EDITORS

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A confession. This reviewer somewhat fell out of love with Editors three albums and six years ago.

I loved their debut album, The Back Room. I’d say it dominated my CD player for a large chunk of 2005. It had energy, panache and power – and that was enhanced when on stage.

But somewhere along the line the enthusiasm waned. The second album, An End Has A Start, was purchased but barely left the case. I’ve ignored the previous two.

But I’ve been prompted out of my Editors hibernation by a combination of British Sea Power being on the bill and intrigue to see if this is a band that were undeserving of such a harsh snub. So was I wrong?

I don’t mind admitting that, to a certain extent, the answer is yes.

Live, the five-piece still has more than enough to make them worth a trip out.

Lead singer Tom Smith has a fantastic soaring voice and when backed up by the shimmering guitars and pounding drums that have become the band’s trademark they sound phenomenal.

The gig highlight comes early on in former single Smokers Outside The Hospital Door, a beast of a song which has the near sold-out crowd singing back at the band.

The brilliant All Sparks and Munich, from the first album, strike a familiar chord with the crowd and still retain the sound of a band with an edge.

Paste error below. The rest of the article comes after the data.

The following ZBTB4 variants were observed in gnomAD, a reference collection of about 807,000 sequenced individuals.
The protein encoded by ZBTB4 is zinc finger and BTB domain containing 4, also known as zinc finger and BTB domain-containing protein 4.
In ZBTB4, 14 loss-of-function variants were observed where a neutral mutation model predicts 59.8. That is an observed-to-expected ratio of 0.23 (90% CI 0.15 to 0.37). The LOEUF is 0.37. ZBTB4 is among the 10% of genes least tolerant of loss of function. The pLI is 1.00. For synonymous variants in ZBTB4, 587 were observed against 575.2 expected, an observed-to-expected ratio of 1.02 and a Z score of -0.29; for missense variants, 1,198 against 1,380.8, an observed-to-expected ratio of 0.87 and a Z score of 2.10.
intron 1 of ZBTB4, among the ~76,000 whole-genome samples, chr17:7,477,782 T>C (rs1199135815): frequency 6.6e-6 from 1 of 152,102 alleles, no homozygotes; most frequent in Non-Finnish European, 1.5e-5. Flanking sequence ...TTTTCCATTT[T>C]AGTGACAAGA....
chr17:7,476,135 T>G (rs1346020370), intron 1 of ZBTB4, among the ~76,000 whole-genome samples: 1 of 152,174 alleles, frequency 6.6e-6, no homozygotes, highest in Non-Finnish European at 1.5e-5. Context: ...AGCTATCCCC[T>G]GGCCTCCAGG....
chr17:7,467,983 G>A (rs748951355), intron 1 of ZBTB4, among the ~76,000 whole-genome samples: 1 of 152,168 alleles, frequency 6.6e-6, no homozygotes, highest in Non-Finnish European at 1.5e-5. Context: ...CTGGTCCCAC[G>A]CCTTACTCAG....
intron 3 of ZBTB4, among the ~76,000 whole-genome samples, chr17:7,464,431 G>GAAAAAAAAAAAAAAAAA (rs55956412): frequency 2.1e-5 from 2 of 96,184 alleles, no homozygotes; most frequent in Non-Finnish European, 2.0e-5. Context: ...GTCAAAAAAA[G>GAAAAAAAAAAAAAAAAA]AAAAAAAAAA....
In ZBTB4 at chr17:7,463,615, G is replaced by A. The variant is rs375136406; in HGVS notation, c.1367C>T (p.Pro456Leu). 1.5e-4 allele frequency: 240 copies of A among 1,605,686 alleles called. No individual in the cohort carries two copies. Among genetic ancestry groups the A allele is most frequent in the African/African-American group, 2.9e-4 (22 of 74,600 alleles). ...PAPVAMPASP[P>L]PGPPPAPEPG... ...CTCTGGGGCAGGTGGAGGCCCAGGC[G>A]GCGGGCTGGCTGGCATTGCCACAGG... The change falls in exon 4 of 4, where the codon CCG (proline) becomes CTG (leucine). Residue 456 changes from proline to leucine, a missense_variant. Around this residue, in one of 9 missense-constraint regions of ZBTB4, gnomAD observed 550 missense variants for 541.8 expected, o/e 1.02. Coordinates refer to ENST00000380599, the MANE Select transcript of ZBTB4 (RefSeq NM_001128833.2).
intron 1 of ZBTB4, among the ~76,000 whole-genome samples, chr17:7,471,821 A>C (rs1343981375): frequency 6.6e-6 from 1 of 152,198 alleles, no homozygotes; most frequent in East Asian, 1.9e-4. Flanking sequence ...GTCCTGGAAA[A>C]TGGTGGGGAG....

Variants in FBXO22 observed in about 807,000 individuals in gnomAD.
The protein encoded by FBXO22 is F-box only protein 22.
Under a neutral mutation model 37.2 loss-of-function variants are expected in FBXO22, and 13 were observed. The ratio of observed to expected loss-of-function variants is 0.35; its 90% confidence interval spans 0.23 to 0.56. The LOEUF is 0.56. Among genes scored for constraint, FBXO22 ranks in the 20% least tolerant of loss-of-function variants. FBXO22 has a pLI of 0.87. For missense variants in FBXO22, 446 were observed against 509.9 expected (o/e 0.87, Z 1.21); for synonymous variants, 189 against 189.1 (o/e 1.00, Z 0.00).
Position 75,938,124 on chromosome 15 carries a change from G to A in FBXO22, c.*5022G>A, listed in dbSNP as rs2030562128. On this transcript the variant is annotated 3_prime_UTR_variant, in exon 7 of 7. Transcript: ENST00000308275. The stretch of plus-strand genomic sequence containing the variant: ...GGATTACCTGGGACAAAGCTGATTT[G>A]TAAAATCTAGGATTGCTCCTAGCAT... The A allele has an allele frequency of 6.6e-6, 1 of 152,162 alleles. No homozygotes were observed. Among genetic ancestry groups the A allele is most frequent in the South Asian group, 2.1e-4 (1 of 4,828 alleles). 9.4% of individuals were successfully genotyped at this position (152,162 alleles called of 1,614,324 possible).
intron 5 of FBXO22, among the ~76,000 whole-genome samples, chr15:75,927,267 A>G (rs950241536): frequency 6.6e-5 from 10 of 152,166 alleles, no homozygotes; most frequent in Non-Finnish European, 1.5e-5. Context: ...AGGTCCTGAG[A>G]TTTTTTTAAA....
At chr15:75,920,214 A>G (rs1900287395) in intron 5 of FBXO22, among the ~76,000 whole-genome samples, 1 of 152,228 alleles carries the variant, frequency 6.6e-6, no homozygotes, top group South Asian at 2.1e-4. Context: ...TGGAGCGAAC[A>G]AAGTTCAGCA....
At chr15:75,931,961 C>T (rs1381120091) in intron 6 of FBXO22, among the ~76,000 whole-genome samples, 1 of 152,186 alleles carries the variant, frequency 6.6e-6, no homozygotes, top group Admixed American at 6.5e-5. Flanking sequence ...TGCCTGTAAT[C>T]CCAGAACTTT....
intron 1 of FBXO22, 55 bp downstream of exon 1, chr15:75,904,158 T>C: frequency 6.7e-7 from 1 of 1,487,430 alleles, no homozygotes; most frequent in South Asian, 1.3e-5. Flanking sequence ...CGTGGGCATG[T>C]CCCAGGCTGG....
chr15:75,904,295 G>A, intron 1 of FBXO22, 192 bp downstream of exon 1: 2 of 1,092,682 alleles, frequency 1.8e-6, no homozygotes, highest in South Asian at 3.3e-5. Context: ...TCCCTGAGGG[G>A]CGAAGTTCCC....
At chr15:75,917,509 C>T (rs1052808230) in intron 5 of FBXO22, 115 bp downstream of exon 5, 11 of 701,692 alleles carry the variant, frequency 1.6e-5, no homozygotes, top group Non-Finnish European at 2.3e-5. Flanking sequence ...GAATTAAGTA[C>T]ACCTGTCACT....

The band’s newer songs seem to have moved slightly away from the stock Editors sound, electronic keyboards playing a bigger part.

You Don’t Know Love is a brilliant building song based around a striking piano chord.

There are, however, a few songs that miss the spot – in particular 2013 single A Ton Of Love, which could be a U2 album filler.

And while I maintain the best Editors songs are now several years old, there was enough on show tonight to warrant another listen to the back catalogue.

David Powles

BRITISH SEA POWER

Thirteen years on and British Sea Power retain all their oomph and passion.

Their last visit to Norwich, in April, saw the Brighton-based indie rockers storm the Waterfront as headline act.

Last night BSP were supporting The Editors – and made a slow start not helped by guitar problems for lead Jan Scott Wilkinson.

But a quick change of instrument for Jan coincided with take-off in a 45 minute set in front of some 1,200 fans – mainly people from outside the UEA complex.

My favourite track was Machineries of Joy from the recent album of the same name.

The band, with roots in the hills above Kendal, Cumbria, are much loved on the British music scene and the Norwich crowd loved tracks old and new.

No white bear prowling the stage this time but a roaring performance nonetheless.

Nigel Pickover

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